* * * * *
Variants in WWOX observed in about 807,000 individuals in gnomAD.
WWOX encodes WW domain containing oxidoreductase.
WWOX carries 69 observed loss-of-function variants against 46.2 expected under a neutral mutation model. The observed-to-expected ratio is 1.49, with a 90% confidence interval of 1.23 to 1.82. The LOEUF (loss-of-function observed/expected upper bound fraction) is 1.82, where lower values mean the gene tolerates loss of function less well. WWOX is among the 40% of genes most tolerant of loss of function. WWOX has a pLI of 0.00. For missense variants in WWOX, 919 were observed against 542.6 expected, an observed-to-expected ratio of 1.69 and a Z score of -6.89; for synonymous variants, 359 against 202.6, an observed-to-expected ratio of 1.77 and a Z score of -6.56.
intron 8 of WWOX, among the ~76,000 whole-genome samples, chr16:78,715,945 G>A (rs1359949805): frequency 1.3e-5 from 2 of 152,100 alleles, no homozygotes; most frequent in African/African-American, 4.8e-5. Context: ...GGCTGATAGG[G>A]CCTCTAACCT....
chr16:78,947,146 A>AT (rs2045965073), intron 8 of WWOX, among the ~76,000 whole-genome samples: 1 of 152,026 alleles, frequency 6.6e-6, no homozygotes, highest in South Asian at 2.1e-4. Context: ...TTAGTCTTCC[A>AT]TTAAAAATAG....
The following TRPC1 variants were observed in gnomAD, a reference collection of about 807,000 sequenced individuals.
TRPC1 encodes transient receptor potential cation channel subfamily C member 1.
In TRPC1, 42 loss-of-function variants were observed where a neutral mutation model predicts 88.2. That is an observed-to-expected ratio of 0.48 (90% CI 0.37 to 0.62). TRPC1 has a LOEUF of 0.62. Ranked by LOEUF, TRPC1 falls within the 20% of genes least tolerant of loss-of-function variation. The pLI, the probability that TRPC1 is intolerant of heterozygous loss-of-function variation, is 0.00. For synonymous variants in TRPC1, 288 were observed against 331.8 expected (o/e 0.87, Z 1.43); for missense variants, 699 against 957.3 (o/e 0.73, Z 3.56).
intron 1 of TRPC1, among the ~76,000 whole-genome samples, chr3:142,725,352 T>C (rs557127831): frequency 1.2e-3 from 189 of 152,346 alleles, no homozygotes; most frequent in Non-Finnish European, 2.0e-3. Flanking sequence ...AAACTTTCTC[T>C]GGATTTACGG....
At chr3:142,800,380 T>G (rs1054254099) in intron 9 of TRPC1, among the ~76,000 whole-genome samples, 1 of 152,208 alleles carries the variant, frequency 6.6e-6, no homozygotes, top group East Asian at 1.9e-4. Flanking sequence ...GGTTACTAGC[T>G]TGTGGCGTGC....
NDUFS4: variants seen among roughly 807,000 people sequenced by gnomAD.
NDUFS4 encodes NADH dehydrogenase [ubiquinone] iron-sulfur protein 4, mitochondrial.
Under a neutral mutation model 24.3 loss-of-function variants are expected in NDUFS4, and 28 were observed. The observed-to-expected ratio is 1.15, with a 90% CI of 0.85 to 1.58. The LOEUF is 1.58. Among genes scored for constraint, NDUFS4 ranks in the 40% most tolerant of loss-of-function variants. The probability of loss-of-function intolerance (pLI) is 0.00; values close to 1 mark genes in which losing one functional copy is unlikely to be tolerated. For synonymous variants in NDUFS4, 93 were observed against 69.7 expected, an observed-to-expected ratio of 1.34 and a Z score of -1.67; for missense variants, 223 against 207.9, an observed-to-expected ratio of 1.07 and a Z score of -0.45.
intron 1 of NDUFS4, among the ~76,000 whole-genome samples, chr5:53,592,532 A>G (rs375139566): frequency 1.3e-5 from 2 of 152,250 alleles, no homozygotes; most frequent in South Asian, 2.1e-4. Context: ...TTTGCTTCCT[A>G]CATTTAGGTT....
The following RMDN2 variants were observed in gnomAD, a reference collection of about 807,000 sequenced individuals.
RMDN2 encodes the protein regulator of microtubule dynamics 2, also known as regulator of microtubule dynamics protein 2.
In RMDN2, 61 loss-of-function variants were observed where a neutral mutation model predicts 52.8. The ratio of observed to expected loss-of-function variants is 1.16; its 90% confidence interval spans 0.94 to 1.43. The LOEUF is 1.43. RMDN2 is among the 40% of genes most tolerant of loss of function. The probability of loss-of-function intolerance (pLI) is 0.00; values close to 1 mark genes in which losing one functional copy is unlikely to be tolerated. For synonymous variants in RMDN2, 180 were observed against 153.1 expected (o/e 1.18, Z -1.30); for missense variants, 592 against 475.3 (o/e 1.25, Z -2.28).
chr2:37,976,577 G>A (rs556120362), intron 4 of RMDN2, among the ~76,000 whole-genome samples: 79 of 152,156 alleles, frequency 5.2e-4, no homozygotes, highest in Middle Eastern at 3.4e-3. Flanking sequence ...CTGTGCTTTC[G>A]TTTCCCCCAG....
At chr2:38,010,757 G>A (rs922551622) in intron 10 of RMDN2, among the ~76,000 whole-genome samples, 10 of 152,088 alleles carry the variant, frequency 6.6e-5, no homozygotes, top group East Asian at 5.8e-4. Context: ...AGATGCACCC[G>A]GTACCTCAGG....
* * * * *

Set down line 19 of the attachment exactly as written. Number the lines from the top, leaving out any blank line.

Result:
At chr2:38,010,757 G>A (rs922551622) in intron 10 of RMDN2, among the ~76,000 whole-genome samples, 10 of 152,088 alleles carry the variant, frequency 6.6e-5, no homozygotes, top group East Asian at 5.8e-4. Context: ...AGATGCACCC[G>A]GTACCTCAGG....